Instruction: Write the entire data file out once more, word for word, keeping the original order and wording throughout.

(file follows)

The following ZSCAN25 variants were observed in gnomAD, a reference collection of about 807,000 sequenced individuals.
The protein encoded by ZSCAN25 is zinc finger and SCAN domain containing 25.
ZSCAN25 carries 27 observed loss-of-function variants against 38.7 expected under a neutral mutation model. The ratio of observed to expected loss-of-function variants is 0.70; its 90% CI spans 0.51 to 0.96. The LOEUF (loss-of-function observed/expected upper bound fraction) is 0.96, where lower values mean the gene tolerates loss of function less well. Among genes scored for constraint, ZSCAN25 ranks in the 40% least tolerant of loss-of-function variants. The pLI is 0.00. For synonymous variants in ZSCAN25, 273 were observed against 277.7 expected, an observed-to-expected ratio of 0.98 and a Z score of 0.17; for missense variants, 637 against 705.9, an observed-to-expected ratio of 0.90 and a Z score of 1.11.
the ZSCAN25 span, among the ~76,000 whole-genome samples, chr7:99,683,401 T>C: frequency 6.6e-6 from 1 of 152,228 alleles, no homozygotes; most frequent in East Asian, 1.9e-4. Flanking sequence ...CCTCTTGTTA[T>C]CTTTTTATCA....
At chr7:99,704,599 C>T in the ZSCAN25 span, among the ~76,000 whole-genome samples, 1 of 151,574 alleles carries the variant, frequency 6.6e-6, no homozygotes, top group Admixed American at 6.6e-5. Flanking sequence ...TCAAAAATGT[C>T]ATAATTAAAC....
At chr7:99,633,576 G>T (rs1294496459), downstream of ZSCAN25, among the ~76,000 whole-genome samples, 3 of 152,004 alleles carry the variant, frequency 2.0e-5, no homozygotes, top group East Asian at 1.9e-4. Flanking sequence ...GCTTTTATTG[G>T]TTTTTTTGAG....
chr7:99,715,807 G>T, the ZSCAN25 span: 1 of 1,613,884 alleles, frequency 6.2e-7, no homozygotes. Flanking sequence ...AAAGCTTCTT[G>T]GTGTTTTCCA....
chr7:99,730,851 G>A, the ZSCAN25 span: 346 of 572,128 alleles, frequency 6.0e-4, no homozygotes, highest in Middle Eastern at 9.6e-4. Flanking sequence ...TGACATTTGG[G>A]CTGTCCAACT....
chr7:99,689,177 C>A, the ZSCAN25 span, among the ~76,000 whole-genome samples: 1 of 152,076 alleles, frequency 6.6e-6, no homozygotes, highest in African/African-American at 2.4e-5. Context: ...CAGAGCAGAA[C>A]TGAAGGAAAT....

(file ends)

The following ZSCAN25 variants were observed in gnomAD, a reference collection of about 807,000 sequenced individuals.
The protein encoded by ZSCAN25 is zinc finger and SCAN domain containing 25.
ZSCAN25 carries 27 observed loss-of-function variants against 38.7 expected under a neutral mutation model. The ratio of observed to expected loss-of-function variants is 0.70; its 90% CI spans 0.51 to 0.96. The LOEUF (loss-of-function observed/expected upper bound fraction) is 0.96, where lower values mean the gene tolerates loss of function less well. Among genes scored for constraint, ZSCAN25 ranks in the 40% least tolerant of loss-of-function variants. The pLI is 0.00. For synonymous variants in ZSCAN25, 273 were observed against 277.7 expected, an observed-to-expected ratio of 0.98 and a Z score of 0.17; for missense variants, 637 against 705.9, an observed-to-expected ratio of 0.90 and a Z score of 1.11.
the ZSCAN25 span, among the ~76,000 whole-genome samples, chr7:99,683,401 T>C: frequency 6.6e-6 from 1 of 152,228 alleles, no homozygotes; most frequent in East Asian, 1.9e-4. Flanking sequence ...CCTCTTGTTA[T>C]CTTTTTATCA....
At chr7:99,704,599 C>T in the ZSCAN25 span, among the ~76,000 whole-genome samples, 1 of 151,574 alleles carries the variant, frequency 6.6e-6, no homozygotes, top group Admixed American at 6.6e-5. Flanking sequence ...TCAAAAATGT[C>T]ATAATTAAAC....
At chr7:99,633,576 G>T (rs1294496459), downstream of ZSCAN25, among the ~76,000 whole-genome samples, 3 of 152,004 alleles carry the variant, frequency 2.0e-5, no homozygotes, top group East Asian at 1.9e-4. Flanking sequence ...GCTTTTATTG[G>T]TTTTTTTGAG....
chr7:99,715,807 G>T, the ZSCAN25 span: 1 of 1,613,884 alleles, frequency 6.2e-7, no homozygotes. Flanking sequence ...AAAGCTTCTT[G>T]GTGTTTTCCA....
chr7:99,730,851 G>A, the ZSCAN25 span: 346 of 572,128 alleles, frequency 6.0e-4, no homozygotes, highest in Middle Eastern at 9.6e-4. Flanking sequence ...TGACATTTGG[G>A]CTGTCCAACT....
chr7:99,689,177 C>A, the ZSCAN25 span, among the ~76,000 whole-genome samples: 1 of 152,076 alleles, frequency 6.6e-6, no homozygotes, highest in African/African-American at 2.4e-5. Context: ...CAGAGCAGAA[C>A]TGAAGGAAAT....